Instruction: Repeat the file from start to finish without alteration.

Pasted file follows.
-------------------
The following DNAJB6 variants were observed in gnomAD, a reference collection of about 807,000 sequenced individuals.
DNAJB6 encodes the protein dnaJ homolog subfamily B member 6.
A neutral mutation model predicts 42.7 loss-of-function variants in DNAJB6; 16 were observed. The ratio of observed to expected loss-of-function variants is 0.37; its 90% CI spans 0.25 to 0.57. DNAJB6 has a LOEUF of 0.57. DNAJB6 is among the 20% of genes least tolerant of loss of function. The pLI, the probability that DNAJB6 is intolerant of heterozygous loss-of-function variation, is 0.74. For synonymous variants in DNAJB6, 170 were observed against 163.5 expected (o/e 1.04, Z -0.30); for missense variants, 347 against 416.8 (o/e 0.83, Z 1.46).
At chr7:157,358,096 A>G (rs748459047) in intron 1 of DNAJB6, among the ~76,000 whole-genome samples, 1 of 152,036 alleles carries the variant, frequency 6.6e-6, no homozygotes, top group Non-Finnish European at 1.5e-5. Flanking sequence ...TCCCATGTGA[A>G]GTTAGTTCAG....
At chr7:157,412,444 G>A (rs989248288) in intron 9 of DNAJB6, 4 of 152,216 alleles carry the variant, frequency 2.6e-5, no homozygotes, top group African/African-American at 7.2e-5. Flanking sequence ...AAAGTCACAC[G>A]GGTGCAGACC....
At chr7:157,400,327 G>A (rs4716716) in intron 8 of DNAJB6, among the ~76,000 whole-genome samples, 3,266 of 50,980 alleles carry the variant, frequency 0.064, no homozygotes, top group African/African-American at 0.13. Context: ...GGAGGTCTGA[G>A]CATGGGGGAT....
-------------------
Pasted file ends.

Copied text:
The following DNAJB6 variants were observed in gnomAD, a reference collection of about 807,000 sequenced individuals.
DNAJB6 encodes the protein dnaJ homolog subfamily B member 6.
A neutral mutation model predicts 42.7 loss-of-function variants in DNAJB6; 16 were observed. The ratio of observed to expected loss-of-function variants is 0.37; its 90% CI spans 0.25 to 0.57. DNAJB6 has a LOEUF of 0.57. DNAJB6 is among the 20% of genes least tolerant of loss of function. The pLI, the probability that DNAJB6 is intolerant of heterozygous loss-of-function variation, is 0.74. For synonymous variants in DNAJB6, 170 were observed against 163.5 expected (o/e 1.04, Z -0.30); for missense variants, 347 against 416.8 (o/e 0.83, Z 1.46).
At chr7:157,358,096 A>G (rs748459047) in intron 1 of DNAJB6, among the ~76,000 whole-genome samples, 1 of 152,036 alleles carries the variant, frequency 6.6e-6, no homozygotes, top group Non-Finnish European at 1.5e-5. Flanking sequence ...TCCCATGTGA[A>G]GTTAGTTCAG....
At chr7:157,412,444 G>A (rs989248288) in intron 9 of DNAJB6, 4 of 152,216 alleles carry the variant, frequency 2.6e-5, no homozygotes, top group African/African-American at 7.2e-5. Flanking sequence ...AAAGTCACAC[G>A]GGTGCAGACC....
At chr7:157,400,327 G>A (rs4716716) in intron 8 of DNAJB6, among the ~76,000 whole-genome samples, 3,266 of 50,980 alleles carry the variant, frequency 0.064, no homozygotes, top group African/African-American at 0.13. Context: ...GGAGGTCTGA[G>A]CATGGGGGAT....